A new method of storing data in the nucleotide bases of DNA is the highest-density storage scheme ever invented (Service, 2017). As information and heritage professionals will realise better than most, our world is creating exponentially more data every day than ever before. Data storage manufacturers can not keep up with the increasing rate of…
Annette de Villiers post, above, has prompted me to write about the various ways DNA has been used as a storage or other information transferral medium in science fiction.
I’m reading my way through my inherited science fiction collection, and have just finished Clifford Simak’s, The werewolf principle, in which a genetically engineered android seeks out new forms of life and copies them. If by chapter 7, you are not thinking about the dangers of a single usb drive among a networked system, you’ll need to do some research into some very simple cyber security measures.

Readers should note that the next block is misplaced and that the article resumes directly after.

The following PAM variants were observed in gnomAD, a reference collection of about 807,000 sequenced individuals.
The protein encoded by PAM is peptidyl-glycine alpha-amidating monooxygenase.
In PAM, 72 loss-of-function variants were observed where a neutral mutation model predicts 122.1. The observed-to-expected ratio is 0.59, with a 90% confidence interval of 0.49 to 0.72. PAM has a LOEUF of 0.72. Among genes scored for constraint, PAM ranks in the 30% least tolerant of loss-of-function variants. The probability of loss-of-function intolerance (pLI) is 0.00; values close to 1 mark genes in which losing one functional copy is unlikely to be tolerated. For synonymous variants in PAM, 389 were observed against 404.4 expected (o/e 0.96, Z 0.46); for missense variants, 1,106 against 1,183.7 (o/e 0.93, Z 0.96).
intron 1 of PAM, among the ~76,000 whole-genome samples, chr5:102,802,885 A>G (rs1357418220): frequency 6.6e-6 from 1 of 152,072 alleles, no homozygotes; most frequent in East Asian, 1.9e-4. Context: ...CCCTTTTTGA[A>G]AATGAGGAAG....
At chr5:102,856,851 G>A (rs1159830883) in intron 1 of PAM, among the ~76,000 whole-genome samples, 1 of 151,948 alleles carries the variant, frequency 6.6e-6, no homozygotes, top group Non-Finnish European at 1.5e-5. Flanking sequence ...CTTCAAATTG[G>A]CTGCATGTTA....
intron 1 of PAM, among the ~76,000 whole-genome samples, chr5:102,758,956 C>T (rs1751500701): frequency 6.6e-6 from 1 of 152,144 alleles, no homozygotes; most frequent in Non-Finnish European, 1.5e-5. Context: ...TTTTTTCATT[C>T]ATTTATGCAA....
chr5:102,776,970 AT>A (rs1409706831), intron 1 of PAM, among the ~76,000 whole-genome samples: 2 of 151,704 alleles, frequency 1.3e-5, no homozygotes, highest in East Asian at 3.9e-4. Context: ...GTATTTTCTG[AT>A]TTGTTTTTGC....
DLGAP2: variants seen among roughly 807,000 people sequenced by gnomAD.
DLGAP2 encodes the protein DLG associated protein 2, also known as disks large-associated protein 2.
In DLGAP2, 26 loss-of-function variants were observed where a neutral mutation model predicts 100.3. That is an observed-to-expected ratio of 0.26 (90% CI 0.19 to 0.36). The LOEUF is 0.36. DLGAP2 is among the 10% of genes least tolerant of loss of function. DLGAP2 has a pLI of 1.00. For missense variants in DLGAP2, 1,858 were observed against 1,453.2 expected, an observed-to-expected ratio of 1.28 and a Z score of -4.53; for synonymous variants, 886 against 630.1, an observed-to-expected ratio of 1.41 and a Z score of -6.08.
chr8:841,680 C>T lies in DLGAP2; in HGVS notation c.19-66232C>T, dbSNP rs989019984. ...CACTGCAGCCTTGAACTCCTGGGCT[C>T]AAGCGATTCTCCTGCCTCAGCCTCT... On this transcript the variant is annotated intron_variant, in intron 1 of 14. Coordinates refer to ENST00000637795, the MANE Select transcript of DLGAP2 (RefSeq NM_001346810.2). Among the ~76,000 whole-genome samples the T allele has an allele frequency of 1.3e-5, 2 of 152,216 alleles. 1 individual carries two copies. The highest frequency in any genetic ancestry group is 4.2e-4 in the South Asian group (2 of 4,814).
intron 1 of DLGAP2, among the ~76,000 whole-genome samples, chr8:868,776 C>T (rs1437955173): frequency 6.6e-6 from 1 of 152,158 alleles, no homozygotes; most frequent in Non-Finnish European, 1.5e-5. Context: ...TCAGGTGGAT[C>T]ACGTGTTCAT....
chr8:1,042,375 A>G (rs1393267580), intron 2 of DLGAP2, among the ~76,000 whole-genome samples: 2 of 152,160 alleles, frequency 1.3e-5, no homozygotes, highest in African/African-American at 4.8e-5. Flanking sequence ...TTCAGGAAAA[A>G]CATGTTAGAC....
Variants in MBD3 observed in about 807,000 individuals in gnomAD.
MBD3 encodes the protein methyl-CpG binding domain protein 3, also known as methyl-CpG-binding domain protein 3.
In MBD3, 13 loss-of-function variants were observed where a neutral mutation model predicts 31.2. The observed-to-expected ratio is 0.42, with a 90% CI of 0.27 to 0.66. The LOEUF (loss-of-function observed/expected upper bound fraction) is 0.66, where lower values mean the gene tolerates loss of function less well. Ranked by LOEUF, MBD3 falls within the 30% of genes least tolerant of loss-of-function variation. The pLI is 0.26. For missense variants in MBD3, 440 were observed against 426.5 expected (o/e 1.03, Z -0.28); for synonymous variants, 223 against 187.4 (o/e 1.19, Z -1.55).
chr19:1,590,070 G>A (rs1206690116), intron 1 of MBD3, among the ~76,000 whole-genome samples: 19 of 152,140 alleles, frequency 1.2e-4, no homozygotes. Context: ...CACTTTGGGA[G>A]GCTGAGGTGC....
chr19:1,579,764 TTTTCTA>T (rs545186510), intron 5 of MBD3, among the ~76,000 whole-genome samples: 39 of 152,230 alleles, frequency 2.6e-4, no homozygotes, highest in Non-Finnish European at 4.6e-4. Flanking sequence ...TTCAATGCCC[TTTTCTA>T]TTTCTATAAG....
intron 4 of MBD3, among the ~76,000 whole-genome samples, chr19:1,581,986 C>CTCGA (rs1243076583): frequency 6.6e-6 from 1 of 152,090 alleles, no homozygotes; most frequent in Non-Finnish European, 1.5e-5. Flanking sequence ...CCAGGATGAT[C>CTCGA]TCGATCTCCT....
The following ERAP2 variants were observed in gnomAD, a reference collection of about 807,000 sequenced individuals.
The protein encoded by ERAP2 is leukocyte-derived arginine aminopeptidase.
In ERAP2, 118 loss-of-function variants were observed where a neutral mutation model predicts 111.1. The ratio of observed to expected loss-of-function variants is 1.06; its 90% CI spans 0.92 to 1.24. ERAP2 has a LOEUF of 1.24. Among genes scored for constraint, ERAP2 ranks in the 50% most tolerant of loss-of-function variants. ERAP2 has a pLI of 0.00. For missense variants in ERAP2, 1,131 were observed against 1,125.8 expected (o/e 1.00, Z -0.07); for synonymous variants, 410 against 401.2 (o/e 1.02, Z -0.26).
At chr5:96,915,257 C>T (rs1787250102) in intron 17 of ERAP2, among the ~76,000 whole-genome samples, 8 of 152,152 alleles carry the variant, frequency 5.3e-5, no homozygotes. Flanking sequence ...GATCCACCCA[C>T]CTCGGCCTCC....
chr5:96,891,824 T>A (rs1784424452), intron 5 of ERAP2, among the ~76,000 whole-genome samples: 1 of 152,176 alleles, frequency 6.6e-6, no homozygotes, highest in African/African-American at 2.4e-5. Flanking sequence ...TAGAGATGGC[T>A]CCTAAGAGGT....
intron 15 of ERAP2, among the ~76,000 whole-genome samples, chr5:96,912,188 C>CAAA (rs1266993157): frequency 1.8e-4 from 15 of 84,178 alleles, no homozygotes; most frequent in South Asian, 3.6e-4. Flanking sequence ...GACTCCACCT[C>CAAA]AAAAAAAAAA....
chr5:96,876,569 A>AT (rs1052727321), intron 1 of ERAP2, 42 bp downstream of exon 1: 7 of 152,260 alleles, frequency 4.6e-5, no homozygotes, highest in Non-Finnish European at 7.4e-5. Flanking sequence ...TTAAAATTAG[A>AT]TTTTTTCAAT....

From Simak, I’m going on to the wonderful, provocative Babel 17, by Samuel R. Delany, in which questions of language and meaning are intertwined with ideas of industrial espionage, with one of my favourite anti-heroes, the Butcher of Jebel Tarik.
Slightly more recently, cyberpunk author Neal Stephenson explored ideas of viral infections, DNA transmutation and human computing on a series of levels (some of which are quite gross, but nevertheless effective) in his book, Snow Crash. And, who cannot love a book in which the mafia control pizza delivery, has a cyborg called Rat Thing, and YT?